We would really like to better understand your thinking. How are you engaging with the 2020 Edition? What types of resources do you think would be most helpful? Are you interested in giving us additional feedback as we develop new resources? If that is of interest to you and you have five minutes, please fill out that survey. We hope to hear more from all of you. Now we will move into our open question and answer time.
Lynn Shafer Willner: Great. I’ll turn on my video. Elizabeth, would you like to turn it on as well?
Elizabeth Warren: Hi, everybody. Yeah, this is just a time for you all to ask any additional questions you may have – things we can touch upon even if you have some slightly unrelated burning questions. Please let us know or drop a line in the chat.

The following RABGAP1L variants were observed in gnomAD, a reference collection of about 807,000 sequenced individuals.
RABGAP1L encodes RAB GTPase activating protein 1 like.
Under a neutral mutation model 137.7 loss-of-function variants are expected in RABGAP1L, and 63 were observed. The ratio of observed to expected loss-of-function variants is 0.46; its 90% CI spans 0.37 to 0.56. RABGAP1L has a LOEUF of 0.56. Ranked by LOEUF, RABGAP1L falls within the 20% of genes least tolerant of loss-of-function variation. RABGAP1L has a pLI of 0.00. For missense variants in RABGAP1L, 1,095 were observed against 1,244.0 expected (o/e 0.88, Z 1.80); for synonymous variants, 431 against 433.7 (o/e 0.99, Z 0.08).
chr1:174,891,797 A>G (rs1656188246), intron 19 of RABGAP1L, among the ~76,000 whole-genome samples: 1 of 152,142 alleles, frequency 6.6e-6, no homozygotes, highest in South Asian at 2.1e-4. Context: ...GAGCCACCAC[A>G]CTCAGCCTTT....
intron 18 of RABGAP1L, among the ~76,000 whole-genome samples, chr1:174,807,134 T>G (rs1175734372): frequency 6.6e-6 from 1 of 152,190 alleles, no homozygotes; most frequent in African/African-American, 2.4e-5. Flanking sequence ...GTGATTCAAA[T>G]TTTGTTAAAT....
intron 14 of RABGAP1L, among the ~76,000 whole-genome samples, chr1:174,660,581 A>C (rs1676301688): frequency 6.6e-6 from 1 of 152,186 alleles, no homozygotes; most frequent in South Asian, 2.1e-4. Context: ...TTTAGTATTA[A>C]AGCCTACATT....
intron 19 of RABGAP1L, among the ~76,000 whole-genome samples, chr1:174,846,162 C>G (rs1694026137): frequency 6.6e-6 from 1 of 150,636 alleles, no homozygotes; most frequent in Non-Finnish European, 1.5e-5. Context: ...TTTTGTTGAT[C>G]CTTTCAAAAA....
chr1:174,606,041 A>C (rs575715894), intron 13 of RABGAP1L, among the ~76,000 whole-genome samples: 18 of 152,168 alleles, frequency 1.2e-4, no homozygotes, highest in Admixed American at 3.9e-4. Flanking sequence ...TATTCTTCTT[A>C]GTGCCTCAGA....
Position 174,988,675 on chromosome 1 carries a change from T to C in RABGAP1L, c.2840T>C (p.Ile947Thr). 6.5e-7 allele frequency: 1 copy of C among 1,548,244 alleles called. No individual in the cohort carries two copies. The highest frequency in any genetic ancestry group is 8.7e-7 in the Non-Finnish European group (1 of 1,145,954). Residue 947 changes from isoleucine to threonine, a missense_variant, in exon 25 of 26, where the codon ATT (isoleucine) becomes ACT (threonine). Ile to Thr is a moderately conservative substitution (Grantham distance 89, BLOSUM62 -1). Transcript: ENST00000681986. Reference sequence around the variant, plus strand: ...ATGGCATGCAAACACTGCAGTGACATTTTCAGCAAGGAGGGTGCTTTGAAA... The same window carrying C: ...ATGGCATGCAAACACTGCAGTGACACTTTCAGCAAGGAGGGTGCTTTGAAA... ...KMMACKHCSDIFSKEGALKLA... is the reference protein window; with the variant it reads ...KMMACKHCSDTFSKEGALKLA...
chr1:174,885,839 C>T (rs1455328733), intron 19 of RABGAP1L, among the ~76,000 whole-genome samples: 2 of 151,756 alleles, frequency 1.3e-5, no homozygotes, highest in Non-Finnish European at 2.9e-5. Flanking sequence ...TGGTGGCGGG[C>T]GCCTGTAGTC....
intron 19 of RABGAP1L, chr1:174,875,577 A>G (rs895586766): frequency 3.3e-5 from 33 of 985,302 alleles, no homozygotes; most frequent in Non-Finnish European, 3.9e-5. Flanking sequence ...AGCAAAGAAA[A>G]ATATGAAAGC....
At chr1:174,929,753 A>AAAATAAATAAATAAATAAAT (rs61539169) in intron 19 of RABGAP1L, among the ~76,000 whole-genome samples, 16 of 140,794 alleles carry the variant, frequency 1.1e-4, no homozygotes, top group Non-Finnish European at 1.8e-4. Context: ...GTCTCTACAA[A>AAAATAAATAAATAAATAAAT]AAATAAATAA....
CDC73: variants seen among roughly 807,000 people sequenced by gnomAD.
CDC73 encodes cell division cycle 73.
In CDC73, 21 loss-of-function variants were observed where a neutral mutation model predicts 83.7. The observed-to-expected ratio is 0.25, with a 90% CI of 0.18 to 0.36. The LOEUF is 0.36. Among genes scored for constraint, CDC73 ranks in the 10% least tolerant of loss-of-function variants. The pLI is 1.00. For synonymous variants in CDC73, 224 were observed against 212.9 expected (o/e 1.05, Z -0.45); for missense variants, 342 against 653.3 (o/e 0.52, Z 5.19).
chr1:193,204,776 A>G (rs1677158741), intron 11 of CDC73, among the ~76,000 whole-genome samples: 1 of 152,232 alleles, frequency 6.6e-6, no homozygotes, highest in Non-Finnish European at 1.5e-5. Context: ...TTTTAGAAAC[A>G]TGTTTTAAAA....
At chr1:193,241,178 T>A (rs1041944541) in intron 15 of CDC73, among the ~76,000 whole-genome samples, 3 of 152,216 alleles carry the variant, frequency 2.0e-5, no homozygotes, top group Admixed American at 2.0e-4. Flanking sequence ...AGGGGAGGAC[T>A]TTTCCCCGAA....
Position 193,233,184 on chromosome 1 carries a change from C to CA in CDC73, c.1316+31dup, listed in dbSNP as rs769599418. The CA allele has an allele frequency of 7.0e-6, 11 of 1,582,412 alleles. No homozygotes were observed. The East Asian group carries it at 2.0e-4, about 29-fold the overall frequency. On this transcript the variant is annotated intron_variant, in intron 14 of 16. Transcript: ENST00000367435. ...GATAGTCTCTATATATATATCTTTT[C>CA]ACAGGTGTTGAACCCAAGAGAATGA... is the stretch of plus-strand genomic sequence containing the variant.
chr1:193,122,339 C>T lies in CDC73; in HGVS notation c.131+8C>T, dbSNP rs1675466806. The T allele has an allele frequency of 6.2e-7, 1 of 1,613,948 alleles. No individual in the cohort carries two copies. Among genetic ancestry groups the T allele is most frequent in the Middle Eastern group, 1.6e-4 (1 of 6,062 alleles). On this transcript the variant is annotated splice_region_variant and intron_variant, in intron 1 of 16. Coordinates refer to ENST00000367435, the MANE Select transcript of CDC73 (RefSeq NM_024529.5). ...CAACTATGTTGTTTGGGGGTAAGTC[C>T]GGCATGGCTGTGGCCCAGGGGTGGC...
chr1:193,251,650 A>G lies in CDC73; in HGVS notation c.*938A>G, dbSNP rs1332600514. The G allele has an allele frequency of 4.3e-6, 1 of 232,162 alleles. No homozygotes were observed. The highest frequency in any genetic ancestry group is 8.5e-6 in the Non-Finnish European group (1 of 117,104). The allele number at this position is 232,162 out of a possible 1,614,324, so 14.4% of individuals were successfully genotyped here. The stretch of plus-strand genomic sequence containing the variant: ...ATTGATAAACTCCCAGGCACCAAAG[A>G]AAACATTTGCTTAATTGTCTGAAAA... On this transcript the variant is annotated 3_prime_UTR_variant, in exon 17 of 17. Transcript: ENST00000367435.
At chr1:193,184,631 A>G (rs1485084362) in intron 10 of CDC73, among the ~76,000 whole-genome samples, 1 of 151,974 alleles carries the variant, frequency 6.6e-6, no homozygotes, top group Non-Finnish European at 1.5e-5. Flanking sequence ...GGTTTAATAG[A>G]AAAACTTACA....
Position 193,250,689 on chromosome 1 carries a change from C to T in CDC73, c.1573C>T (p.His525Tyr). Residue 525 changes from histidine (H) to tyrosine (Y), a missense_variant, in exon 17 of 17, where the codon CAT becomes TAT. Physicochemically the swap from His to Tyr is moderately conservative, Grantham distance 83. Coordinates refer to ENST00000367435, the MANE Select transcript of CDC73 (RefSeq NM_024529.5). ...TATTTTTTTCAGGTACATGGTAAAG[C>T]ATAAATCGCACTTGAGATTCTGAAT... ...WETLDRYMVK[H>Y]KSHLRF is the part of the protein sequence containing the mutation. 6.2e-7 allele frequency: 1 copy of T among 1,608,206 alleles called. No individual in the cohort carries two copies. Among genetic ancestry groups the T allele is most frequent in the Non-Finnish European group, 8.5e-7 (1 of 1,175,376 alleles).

Justine Kolb: We’re going to give them a little think time. We don't have any questions as of yet.
Elizabeth Warren: I will drop that address in the chat right now. Alright, I did go ahead and drop a link in the chat to the survey. Again, we would love to hear more from all of you and possibly be thinking partners with you a bit as we develop more resources moving forward.
Lynn Shafer Willner: Alright, that was my fourteen-year-old going skiing one of the last days of the season. Thinking about resources, check with your State Education Agency and district. States are doing different roll out plans. Check timing in terms of how it will be rolling out the Standards. WIDA is using a three-to-five-year transition period. It's not like you turn on a dime, and next year everything needs to be in place. There is time to adjust. Key Language Uses are already within the WIDA assessment, but then we’re looking at the normal cycle with item refreshment. As new items are coming up, they’ll be different items that are brought in with the Standards Framework.